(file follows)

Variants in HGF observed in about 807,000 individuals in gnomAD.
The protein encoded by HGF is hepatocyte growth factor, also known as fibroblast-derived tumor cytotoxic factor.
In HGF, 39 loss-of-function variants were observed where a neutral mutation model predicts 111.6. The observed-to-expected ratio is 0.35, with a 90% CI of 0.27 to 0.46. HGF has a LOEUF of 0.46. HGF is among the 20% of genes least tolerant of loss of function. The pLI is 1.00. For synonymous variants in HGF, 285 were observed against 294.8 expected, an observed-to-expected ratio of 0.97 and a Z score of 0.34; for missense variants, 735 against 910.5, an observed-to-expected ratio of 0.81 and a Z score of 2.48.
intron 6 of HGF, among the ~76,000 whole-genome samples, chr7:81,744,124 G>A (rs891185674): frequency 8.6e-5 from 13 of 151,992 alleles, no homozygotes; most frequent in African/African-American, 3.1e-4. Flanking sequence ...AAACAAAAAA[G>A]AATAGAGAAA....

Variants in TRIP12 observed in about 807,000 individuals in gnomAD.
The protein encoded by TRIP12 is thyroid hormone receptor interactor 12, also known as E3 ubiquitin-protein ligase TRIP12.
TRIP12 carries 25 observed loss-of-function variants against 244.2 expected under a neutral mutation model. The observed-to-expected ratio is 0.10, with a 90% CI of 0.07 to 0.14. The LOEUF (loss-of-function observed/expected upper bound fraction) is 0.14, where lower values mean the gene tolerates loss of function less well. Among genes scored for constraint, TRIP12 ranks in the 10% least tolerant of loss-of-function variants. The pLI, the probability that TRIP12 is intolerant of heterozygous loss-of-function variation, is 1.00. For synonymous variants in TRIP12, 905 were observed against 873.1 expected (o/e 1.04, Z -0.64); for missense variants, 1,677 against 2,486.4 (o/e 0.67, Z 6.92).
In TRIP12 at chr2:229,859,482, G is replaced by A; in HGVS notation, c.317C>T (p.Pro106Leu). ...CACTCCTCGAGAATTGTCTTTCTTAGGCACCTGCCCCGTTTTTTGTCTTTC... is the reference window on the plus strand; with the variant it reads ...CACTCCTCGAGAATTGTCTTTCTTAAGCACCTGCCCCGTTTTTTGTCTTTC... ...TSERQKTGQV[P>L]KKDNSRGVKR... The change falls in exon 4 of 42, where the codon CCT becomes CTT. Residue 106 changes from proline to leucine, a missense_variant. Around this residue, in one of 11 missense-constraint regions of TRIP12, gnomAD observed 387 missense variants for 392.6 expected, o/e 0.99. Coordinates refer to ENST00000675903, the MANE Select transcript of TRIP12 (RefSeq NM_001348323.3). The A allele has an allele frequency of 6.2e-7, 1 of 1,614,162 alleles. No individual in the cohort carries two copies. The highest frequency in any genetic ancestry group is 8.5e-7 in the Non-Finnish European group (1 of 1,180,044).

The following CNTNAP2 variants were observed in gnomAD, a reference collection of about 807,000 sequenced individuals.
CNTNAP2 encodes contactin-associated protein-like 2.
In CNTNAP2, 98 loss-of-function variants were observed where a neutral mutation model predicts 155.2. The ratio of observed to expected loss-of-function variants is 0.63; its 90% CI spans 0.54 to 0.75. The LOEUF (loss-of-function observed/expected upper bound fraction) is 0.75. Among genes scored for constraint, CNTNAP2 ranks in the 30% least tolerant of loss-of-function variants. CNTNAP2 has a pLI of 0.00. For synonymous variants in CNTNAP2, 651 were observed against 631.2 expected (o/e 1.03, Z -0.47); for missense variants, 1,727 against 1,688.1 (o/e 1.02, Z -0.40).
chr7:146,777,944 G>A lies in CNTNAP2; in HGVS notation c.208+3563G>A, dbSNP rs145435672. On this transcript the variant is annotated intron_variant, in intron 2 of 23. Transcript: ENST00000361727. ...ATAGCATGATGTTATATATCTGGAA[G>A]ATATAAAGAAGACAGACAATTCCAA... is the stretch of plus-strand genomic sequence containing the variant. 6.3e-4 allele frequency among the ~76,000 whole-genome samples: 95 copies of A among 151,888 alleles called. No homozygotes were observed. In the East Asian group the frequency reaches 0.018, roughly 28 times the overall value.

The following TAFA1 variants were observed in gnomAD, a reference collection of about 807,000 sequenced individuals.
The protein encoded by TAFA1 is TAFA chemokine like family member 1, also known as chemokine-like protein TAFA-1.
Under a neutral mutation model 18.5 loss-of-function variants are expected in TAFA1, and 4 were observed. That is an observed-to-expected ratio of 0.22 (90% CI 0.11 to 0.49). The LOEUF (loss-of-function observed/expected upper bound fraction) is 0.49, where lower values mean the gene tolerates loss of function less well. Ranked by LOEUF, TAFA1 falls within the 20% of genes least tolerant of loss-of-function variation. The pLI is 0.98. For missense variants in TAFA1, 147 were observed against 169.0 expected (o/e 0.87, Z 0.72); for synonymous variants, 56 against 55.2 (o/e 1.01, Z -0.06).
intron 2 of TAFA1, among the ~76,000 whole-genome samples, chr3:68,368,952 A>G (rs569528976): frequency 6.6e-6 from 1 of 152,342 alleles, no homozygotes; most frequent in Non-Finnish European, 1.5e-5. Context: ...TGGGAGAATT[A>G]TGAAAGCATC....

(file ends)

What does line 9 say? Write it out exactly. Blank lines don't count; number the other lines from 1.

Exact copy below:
The following CNTNAP2 variants were observed in gnomAD, a reference collection of about 807,000 sequenced individuals.